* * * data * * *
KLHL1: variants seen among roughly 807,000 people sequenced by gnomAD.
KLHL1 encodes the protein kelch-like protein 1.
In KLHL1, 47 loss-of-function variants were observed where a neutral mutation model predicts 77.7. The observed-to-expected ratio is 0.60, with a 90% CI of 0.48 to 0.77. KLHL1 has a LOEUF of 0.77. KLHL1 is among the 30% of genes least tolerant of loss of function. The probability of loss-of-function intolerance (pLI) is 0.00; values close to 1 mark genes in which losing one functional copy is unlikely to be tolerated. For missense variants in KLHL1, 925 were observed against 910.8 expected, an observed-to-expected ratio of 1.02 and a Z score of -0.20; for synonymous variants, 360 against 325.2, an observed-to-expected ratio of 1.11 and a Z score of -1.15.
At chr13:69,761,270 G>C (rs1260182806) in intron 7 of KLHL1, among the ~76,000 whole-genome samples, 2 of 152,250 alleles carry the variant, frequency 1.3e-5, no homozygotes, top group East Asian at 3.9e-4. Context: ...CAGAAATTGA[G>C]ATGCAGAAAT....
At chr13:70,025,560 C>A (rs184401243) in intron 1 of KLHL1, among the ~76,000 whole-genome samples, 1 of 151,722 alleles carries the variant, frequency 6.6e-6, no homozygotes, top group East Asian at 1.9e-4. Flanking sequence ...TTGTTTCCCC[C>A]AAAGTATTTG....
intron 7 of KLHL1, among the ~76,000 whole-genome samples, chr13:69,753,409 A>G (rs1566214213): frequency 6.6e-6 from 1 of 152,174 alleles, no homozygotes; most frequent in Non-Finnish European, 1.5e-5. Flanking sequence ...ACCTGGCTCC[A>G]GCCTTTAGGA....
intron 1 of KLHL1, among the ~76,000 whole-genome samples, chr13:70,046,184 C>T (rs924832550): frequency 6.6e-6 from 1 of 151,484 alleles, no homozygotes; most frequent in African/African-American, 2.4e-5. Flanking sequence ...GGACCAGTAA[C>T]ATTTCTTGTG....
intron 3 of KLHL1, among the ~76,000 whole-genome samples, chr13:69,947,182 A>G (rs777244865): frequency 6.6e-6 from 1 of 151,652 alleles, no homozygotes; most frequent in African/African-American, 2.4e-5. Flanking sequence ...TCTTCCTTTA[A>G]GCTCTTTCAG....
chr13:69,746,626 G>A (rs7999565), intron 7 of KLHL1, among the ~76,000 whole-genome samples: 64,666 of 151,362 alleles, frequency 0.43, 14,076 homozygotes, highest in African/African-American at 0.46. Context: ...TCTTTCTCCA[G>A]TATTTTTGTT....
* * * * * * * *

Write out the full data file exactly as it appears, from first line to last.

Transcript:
KLHL1: variants seen among roughly 807,000 people sequenced by gnomAD.
KLHL1 encodes the protein kelch-like protein 1.
In KLHL1, 47 loss-of-function variants were observed where a neutral mutation model predicts 77.7. The observed-to-expected ratio is 0.60, with a 90% CI of 0.48 to 0.77. KLHL1 has a LOEUF of 0.77. KLHL1 is among the 30% of genes least tolerant of loss of function. The probability of loss-of-function intolerance (pLI) is 0.00; values close to 1 mark genes in which losing one functional copy is unlikely to be tolerated. For missense variants in KLHL1, 925 were observed against 910.8 expected, an observed-to-expected ratio of 1.02 and a Z score of -0.20; for synonymous variants, 360 against 325.2, an observed-to-expected ratio of 1.11 and a Z score of -1.15.
At chr13:69,761,270 G>C (rs1260182806) in intron 7 of KLHL1, among the ~76,000 whole-genome samples, 2 of 152,250 alleles carry the variant, frequency 1.3e-5, no homozygotes, top group East Asian at 3.9e-4. Context: ...CAGAAATTGA[G>C]ATGCAGAAAT....
At chr13:70,025,560 C>A (rs184401243) in intron 1 of KLHL1, among the ~76,000 whole-genome samples, 1 of 151,722 alleles carries the variant, frequency 6.6e-6, no homozygotes, top group East Asian at 1.9e-4. Flanking sequence ...TTGTTTCCCC[C>A]AAAGTATTTG....
intron 7 of KLHL1, among the ~76,000 whole-genome samples, chr13:69,753,409 A>G (rs1566214213): frequency 6.6e-6 from 1 of 152,174 alleles, no homozygotes; most frequent in Non-Finnish European, 1.5e-5. Flanking sequence ...ACCTGGCTCC[A>G]GCCTTTAGGA....
intron 1 of KLHL1, among the ~76,000 whole-genome samples, chr13:70,046,184 C>T (rs924832550): frequency 6.6e-6 from 1 of 151,484 alleles, no homozygotes; most frequent in African/African-American, 2.4e-5. Flanking sequence ...GGACCAGTAA[C>T]ATTTCTTGTG....
intron 3 of KLHL1, among the ~76,000 whole-genome samples, chr13:69,947,182 A>G (rs777244865): frequency 6.6e-6 from 1 of 151,652 alleles, no homozygotes; most frequent in African/African-American, 2.4e-5. Flanking sequence ...TCTTCCTTTA[A>G]GCTCTTTCAG....
chr13:69,746,626 G>A (rs7999565), intron 7 of KLHL1, among the ~76,000 whole-genome samples: 64,666 of 151,362 alleles, frequency 0.43, 14,076 homozygotes, highest in African/African-American at 0.46. Context: ...TCTTTCTCCA[G>A]TATTTTTGTT....